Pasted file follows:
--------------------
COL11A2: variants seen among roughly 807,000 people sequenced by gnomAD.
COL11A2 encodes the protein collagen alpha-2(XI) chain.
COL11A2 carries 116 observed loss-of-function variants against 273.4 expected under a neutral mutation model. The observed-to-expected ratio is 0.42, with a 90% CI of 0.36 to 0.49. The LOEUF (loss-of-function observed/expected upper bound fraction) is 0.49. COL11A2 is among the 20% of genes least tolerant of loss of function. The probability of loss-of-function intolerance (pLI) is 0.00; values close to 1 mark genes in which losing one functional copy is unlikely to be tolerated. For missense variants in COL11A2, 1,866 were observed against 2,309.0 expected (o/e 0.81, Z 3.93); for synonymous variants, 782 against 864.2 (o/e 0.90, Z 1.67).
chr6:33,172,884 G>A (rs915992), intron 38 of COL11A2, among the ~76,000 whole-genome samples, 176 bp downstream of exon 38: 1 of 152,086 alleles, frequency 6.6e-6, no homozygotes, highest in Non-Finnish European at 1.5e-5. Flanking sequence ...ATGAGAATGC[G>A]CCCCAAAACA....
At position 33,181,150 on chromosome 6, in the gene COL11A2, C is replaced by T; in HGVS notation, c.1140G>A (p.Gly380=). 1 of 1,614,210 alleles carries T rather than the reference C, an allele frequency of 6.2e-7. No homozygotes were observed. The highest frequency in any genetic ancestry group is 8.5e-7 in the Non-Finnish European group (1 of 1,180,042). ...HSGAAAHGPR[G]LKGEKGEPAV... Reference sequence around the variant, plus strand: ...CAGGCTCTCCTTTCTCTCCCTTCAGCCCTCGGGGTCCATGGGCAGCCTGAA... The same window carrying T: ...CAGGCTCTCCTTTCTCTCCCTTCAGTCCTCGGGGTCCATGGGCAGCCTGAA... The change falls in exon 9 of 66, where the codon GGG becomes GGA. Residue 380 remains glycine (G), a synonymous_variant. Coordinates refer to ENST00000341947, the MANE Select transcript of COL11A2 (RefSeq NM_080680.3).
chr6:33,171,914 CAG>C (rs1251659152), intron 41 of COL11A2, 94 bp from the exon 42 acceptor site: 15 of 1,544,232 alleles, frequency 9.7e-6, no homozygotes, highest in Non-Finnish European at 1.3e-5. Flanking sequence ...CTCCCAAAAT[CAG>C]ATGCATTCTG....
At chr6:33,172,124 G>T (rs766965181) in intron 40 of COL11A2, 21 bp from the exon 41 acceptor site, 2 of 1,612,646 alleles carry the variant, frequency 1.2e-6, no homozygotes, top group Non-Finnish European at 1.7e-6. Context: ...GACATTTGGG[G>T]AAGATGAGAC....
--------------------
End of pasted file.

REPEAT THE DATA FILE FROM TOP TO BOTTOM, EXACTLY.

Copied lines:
COL11A2: variants seen among roughly 807,000 people sequenced by gnomAD.
COL11A2 encodes the protein collagen alpha-2(XI) chain.
COL11A2 carries 116 observed loss-of-function variants against 273.4 expected under a neutral mutation model. The observed-to-expected ratio is 0.42, with a 90% CI of 0.36 to 0.49. The LOEUF (loss-of-function observed/expected upper bound fraction) is 0.49. COL11A2 is among the 20% of genes least tolerant of loss of function. The probability of loss-of-function intolerance (pLI) is 0.00; values close to 1 mark genes in which losing one functional copy is unlikely to be tolerated. For missense variants in COL11A2, 1,866 were observed against 2,309.0 expected (o/e 0.81, Z 3.93); for synonymous variants, 782 against 864.2 (o/e 0.90, Z 1.67).
chr6:33,172,884 G>A (rs915992), intron 38 of COL11A2, among the ~76,000 whole-genome samples, 176 bp downstream of exon 38: 1 of 152,086 alleles, frequency 6.6e-6, no homozygotes, highest in Non-Finnish European at 1.5e-5. Flanking sequence ...ATGAGAATGC[G>A]CCCCAAAACA....
At position 33,181,150 on chromosome 6, in the gene COL11A2, C is replaced by T; in HGVS notation, c.1140G>A (p.Gly380=). 1 of 1,614,210 alleles carries T rather than the reference C, an allele frequency of 6.2e-7. No homozygotes were observed. The highest frequency in any genetic ancestry group is 8.5e-7 in the Non-Finnish European group (1 of 1,180,042). ...HSGAAAHGPR[G]LKGEKGEPAV... Reference sequence around the variant, plus strand: ...CAGGCTCTCCTTTCTCTCCCTTCAGCCCTCGGGGTCCATGGGCAGCCTGAA... The same window carrying T: ...CAGGCTCTCCTTTCTCTCCCTTCAGTCCTCGGGGTCCATGGGCAGCCTGAA... The change falls in exon 9 of 66, where the codon GGG becomes GGA. Residue 380 remains glycine (G), a synonymous_variant. Coordinates refer to ENST00000341947, the MANE Select transcript of COL11A2 (RefSeq NM_080680.3).
chr6:33,171,914 CAG>C (rs1251659152), intron 41 of COL11A2, 94 bp from the exon 42 acceptor site: 15 of 1,544,232 alleles, frequency 9.7e-6, no homozygotes, highest in Non-Finnish European at 1.3e-5. Flanking sequence ...CTCCCAAAAT[CAG>C]ATGCATTCTG....
At chr6:33,172,124 G>T (rs766965181) in intron 40 of COL11A2, 21 bp from the exon 41 acceptor site, 2 of 1,612,646 alleles carry the variant, frequency 1.2e-6, no homozygotes, top group Non-Finnish European at 1.7e-6. Context: ...GACATTTGGG[G>T]AAGATGAGAC....